For those of us who have been following and working in the cell and gene therapy (CGT) field for a significant number of years, this is an exciting time. The current global market for regenerative medicine is US$36B and forecasted to grow to reach US$49.41B by 2021.1 With 977 clinical trials in cell, gene and tissue therapy underway worldwide at the close of the second quarter of 20182, CGT treatments and regenerative medicine-based technologies…
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Marijuana, long snuck on to college and university campuses for use in bongs and joints, is now being grown legally at several academic institutions across the country. Eight academic institutions have obtained licences from Health Canada to cultivate cannabis for scientific purposes, allowing them to closely study the drug that was legalized for recreational use in October. Some received special…
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“Federal agency racks up big expenses after scientists reject web meetings” is the kind of click-bait headline that will get your attention. The CBC news story, based on an Access to Information request, revealed that the Canadian Institutes of Health Research was spending “$2,600 a day on meals and refreshments” and even more on “travel and hospitality.” All told, CIHR spent $4.7-million…
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The federal government has launched a new $275-million pot of funding for “high-risk” scientific research. The first tranche of funding is open to researchers with five years or less experience, with grants overseen by the Social Sciences and Humanities Research Council of Canada. It hopes to inspire high-risk unique projects that defy current research models or use different perspectives to…
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GMOs: Scientific or Social Uncertainty?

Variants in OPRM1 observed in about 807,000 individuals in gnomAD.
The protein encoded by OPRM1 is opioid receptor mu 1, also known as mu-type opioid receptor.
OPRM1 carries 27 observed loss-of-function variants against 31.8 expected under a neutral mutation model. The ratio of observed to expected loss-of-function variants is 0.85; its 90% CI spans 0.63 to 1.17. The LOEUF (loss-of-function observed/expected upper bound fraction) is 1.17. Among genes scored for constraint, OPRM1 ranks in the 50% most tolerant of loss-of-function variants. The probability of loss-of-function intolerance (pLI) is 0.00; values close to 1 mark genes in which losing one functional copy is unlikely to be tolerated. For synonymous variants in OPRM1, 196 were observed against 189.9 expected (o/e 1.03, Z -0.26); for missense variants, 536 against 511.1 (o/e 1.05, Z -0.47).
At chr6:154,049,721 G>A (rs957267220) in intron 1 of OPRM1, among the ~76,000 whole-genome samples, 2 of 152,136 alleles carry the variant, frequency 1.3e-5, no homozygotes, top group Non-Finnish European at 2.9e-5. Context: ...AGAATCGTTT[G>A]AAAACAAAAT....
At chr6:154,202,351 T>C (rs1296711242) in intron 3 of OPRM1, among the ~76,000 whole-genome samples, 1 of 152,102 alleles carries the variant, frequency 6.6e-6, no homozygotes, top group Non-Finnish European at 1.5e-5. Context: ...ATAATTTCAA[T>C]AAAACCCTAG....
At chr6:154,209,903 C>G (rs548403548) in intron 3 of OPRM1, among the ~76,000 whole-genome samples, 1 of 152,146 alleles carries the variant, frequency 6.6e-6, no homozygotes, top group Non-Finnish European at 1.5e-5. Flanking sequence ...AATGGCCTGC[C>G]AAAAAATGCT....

Genetic engineering is the process of altering the blueprints of an organism in order to effect some desired change. Since its discovery in the 1970s, this technology has been used to advance research, industry, medicine, and agriculture. However, using genetic modification to engineer the food we eat has been an ongoing contention. Biological systems are complex and interconnected, and some…
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2018 BC Technology Report Card

Together with our partners at KPMG, we have released the latest installment of our BC Technology Report Card for 2018, a comprehensive analysis that compares the BC tech sector against other sectors in the province and against tech sectors in other jurisdictions.
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A Chinese scientist claims that he has helped make the world’s first genome-edited babies — twin girls who were born this month. The announcement has provoked shock, and some outrage, among scientists around the world. He Jiankui, a genome-editing researcher from the Southern University of Science and Technology of China in Shenzhen, says that he implanted into a woman an…
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In May of this year, a group of Swedish universities made the decision not to renew their contracts with publishing giant Elsevier.1 To researchers who rely on these journals for their day-to-day work this may seem like a drastic move, but this new stand-off is part of a movement toward an open-access model in publishing research. Sweden is just one of…
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It is one of this country's great scientific achievements. The first drug ever approved that can fix a faulty gene. It's called Glybera, and it can treat a painful and potentially deadly genetic disorder with a single dose — a genuine made-in-Canada medical breakthrough. But most Canadians have never heard of it. A team of researchers at the University of British Columbia spent decades developing the treatment for people born with...
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A prominent U.S. senator turned to genetic testing last month to try to prove her claim that she had Indigenous ancestry. But in assessing Elizabeth Warren’s DNA, the geneticists were forced to use samples from Mexico, Peru and Colombia because there were no samples from American Indigenous peoples in the reference databases. Because the data is missing, Indigenous geneticists Krystal…
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